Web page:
Research indicates that a good night's sleep could be the key to an improved memory and what's more it could also help you imagine the future too.
The REM (rapid eye movement) sleep stage-where people's dreams are most vivid - is also important for people's memory systems, said University of California researcher Sara C. Mednick and her colleagues.
Study participants were shown multiple groups of three words (e.g., cookie, heart, sixteen) and asked to find another word that can be associated with all three words.
Participants were tested once in the morning and again in the afternoon, either after a nap with REM sleep, one without REM sleep or a quiet rest period.
Results showed that the REM sleep group improved by almost 40 percent over their morning performances.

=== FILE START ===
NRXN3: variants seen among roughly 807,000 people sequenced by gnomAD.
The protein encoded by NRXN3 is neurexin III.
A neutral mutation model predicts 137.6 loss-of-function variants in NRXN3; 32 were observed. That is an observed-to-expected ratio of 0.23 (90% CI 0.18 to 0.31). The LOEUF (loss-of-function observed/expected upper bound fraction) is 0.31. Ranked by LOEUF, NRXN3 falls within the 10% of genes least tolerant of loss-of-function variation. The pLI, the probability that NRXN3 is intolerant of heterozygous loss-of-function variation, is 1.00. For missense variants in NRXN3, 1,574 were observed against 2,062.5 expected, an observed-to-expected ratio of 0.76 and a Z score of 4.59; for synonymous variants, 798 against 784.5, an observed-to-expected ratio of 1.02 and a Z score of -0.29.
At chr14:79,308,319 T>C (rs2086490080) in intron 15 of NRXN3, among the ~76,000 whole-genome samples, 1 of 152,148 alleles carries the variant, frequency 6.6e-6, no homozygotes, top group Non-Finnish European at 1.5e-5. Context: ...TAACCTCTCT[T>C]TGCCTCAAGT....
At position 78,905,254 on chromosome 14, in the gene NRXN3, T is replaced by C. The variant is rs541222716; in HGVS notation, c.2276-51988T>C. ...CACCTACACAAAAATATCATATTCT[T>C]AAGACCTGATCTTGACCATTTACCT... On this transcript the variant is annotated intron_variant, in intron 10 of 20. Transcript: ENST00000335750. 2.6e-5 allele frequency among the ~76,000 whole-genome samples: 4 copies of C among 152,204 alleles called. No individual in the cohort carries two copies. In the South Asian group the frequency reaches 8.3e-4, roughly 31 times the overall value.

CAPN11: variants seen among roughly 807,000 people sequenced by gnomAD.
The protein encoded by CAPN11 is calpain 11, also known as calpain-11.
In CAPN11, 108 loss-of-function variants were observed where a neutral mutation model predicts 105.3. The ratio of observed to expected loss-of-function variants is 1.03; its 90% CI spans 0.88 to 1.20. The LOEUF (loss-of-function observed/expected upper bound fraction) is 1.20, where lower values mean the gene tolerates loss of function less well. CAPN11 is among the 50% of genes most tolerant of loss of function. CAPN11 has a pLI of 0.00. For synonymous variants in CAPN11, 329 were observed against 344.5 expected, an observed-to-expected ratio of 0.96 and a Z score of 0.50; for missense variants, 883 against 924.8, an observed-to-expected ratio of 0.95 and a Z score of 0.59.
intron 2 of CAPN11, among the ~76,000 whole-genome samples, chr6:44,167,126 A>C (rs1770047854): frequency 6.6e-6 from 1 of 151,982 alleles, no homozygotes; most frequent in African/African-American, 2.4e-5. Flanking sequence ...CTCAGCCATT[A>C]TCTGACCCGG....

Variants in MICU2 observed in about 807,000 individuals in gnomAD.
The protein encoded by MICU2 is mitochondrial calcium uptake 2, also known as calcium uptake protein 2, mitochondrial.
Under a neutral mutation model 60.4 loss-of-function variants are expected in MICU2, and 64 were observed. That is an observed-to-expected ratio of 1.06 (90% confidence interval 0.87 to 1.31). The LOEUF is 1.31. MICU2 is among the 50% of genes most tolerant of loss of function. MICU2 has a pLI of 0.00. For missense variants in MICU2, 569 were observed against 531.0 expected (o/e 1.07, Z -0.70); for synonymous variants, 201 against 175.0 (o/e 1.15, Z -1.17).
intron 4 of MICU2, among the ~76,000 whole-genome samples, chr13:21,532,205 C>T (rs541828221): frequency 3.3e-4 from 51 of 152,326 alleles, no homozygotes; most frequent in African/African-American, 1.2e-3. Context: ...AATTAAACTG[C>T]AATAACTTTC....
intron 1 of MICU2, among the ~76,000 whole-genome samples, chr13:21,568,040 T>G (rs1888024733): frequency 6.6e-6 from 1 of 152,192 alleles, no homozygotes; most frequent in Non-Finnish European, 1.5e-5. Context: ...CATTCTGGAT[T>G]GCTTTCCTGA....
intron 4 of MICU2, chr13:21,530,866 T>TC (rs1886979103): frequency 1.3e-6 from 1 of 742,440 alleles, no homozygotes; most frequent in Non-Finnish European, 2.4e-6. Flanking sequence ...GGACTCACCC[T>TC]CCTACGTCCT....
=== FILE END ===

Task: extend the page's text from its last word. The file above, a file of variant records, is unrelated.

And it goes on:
"REM sleep is important for pulling together all the information we process on a daily basis and turning it into memories we can use later," said Mednick.
"This helps us to understand more about the benefits of sleep and to help people maximize their sleep schedules for optimal productivity and memory retrieval," she added.
Brain imaging research suggests that the ability to remember past events may be crucially involved in people's ability to imagine events that have not happened yet and even simulate these "future" occurrences, according to researcher Daniel L. Schacter from Harvard.